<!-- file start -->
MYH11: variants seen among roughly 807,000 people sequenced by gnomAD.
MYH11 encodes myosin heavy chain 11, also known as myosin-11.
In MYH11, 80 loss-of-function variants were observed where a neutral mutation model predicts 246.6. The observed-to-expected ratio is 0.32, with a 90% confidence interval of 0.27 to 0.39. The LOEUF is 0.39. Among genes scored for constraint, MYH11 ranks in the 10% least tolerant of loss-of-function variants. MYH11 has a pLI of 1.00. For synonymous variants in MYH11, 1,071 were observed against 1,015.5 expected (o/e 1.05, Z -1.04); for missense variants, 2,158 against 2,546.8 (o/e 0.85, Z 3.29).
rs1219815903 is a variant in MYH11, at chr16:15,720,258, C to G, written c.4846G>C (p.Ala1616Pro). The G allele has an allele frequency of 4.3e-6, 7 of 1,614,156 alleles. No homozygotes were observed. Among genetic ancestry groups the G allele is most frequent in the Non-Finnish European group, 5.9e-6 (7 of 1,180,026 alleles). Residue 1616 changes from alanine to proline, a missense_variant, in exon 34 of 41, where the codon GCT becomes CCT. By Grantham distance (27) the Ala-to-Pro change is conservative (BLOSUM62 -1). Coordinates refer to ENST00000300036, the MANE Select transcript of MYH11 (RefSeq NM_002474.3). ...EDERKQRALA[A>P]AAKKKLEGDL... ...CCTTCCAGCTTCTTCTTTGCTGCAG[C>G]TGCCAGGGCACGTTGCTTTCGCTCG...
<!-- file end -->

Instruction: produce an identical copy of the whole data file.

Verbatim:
MYH11: variants seen among roughly 807,000 people sequenced by gnomAD.
MYH11 encodes myosin heavy chain 11, also known as myosin-11.
In MYH11, 80 loss-of-function variants were observed where a neutral mutation model predicts 246.6. The observed-to-expected ratio is 0.32, with a 90% confidence interval of 0.27 to 0.39. The LOEUF is 0.39. Among genes scored for constraint, MYH11 ranks in the 10% least tolerant of loss-of-function variants. MYH11 has a pLI of 1.00. For synonymous variants in MYH11, 1,071 were observed against 1,015.5 expected (o/e 1.05, Z -1.04); for missense variants, 2,158 against 2,546.8 (o/e 0.85, Z 3.29).
rs1219815903 is a variant in MYH11, at chr16:15,720,258, C to G, written c.4846G>C (p.Ala1616Pro). The G allele has an allele frequency of 4.3e-6, 7 of 1,614,156 alleles. No homozygotes were observed. Among genetic ancestry groups the G allele is most frequent in the Non-Finnish European group, 5.9e-6 (7 of 1,180,026 alleles). Residue 1616 changes from alanine to proline, a missense_variant, in exon 34 of 41, where the codon GCT becomes CCT. By Grantham distance (27) the Ala-to-Pro change is conservative (BLOSUM62 -1). Coordinates refer to ENST00000300036, the MANE Select transcript of MYH11 (RefSeq NM_002474.3). ...EDERKQRALA[A>P]AAKKKLEGDL... ...CCTTCCAGCTTCTTCTTTGCTGCAG[C>G]TGCCAGGGCACGTTGCTTTCGCTCG...